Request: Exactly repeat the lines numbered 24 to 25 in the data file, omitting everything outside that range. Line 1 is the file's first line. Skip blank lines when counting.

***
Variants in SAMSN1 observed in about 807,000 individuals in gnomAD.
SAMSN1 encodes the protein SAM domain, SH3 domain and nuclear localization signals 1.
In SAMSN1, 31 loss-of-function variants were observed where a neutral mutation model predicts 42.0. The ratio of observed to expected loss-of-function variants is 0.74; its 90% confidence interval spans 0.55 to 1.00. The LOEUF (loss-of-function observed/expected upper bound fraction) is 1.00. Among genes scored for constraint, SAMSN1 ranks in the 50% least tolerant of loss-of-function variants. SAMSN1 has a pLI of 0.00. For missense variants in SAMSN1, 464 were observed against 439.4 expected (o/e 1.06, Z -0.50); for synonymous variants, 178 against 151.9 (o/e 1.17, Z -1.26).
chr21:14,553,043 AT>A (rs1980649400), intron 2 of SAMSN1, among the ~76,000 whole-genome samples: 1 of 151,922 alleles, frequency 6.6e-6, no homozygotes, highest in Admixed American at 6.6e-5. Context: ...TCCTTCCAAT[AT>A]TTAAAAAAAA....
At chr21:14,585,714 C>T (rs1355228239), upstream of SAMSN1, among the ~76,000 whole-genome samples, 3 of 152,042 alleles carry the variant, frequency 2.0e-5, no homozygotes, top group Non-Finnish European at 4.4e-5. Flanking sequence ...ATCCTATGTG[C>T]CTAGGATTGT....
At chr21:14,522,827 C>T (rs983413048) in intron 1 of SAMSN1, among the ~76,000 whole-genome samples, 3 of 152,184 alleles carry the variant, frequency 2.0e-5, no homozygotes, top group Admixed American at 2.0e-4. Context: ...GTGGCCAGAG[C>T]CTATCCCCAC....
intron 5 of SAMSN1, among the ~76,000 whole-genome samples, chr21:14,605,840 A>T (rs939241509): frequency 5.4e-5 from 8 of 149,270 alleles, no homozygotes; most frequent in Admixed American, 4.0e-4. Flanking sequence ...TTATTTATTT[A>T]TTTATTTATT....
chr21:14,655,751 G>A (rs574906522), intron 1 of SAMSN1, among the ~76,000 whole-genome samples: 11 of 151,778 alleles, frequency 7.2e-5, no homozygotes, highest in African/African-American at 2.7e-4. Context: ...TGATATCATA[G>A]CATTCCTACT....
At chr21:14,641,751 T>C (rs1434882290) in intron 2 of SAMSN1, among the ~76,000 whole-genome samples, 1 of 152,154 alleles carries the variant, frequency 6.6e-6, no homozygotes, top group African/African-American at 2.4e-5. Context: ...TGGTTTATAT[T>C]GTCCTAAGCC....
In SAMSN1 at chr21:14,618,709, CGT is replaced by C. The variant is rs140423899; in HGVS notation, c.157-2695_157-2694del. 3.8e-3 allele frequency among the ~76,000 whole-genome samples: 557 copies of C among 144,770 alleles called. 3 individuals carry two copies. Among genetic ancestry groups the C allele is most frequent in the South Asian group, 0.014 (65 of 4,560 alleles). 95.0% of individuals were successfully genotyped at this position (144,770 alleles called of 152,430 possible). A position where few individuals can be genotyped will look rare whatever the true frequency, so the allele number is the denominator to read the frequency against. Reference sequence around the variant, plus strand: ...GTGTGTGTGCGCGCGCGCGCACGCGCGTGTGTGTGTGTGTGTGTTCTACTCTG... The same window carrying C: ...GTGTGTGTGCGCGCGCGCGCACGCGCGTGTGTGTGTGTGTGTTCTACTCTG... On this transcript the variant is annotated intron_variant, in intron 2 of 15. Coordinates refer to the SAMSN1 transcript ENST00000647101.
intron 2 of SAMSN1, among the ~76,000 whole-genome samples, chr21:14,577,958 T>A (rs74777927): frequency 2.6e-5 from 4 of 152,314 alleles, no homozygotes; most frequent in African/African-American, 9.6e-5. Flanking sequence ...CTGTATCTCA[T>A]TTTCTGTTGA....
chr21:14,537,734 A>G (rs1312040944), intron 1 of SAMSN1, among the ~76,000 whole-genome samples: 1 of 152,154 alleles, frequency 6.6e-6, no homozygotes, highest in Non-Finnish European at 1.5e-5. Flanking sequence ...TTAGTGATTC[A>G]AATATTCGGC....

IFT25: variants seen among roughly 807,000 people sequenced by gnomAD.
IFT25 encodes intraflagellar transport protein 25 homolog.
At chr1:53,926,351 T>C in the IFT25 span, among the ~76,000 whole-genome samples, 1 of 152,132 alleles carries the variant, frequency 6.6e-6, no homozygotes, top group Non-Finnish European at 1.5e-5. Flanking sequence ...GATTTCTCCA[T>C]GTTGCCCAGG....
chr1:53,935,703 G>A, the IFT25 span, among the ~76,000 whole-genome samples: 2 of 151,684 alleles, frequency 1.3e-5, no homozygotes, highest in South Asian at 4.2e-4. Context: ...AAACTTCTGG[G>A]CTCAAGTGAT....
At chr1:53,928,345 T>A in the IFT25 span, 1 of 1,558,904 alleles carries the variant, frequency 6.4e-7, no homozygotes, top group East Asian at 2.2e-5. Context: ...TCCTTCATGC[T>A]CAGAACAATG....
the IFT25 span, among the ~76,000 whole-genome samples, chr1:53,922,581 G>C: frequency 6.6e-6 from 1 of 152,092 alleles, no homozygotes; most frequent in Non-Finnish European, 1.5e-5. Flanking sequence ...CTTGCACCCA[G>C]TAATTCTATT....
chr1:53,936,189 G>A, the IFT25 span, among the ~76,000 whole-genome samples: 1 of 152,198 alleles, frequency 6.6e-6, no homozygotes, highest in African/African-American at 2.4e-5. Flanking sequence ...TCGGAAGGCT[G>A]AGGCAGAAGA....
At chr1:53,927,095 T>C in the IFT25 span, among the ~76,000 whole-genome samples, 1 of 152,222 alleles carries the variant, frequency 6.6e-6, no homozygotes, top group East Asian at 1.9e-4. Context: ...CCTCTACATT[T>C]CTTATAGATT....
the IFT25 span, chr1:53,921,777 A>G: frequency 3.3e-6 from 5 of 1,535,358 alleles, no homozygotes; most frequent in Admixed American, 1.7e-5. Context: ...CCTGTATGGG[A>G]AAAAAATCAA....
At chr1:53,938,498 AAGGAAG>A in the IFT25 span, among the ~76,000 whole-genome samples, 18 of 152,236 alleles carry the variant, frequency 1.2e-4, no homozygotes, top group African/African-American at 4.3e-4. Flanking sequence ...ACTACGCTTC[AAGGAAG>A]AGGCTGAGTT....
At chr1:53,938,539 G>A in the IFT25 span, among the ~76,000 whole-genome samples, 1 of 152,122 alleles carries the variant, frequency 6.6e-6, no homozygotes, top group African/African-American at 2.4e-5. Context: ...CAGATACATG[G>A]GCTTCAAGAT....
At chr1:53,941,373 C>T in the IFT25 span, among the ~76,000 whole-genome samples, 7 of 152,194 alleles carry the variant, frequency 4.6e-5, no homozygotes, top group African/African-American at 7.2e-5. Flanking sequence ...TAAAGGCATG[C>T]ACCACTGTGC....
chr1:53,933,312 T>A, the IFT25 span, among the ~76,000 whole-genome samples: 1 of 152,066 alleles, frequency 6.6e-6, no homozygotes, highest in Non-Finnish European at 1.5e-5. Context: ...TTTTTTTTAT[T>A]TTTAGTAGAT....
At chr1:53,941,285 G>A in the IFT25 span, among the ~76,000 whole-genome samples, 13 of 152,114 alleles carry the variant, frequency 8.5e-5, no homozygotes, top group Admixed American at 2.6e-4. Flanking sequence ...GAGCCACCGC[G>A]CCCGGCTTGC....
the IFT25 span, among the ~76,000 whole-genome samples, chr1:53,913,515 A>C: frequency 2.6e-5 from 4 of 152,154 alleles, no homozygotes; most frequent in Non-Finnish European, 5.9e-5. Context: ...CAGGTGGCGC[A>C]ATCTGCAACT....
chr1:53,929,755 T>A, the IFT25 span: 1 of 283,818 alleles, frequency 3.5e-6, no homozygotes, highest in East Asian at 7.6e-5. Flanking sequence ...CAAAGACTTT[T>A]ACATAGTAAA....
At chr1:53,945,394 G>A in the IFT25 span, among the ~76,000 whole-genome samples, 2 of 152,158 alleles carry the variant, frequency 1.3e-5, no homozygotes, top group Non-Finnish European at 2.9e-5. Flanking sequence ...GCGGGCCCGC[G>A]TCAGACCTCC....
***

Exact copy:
At chr1:53,941,373 C>T in the IFT25 span, among the ~76,000 whole-genome samples, 7 of 152,194 alleles carry the variant, frequency 4.6e-5, no homozygotes, top group African/African-American at 7.2e-5. Flanking sequence ...TAAAGGCATG[C>T]ACCACTGTGC....
chr1:53,933,312 T>A, the IFT25 span, among the ~76,000 whole-genome samples: 1 of 152,066 alleles, frequency 6.6e-6, no homozygotes, highest in Non-Finnish European at 1.5e-5. Context: ...TTTTTTTTAT[T>A]TTTAGTAGAT....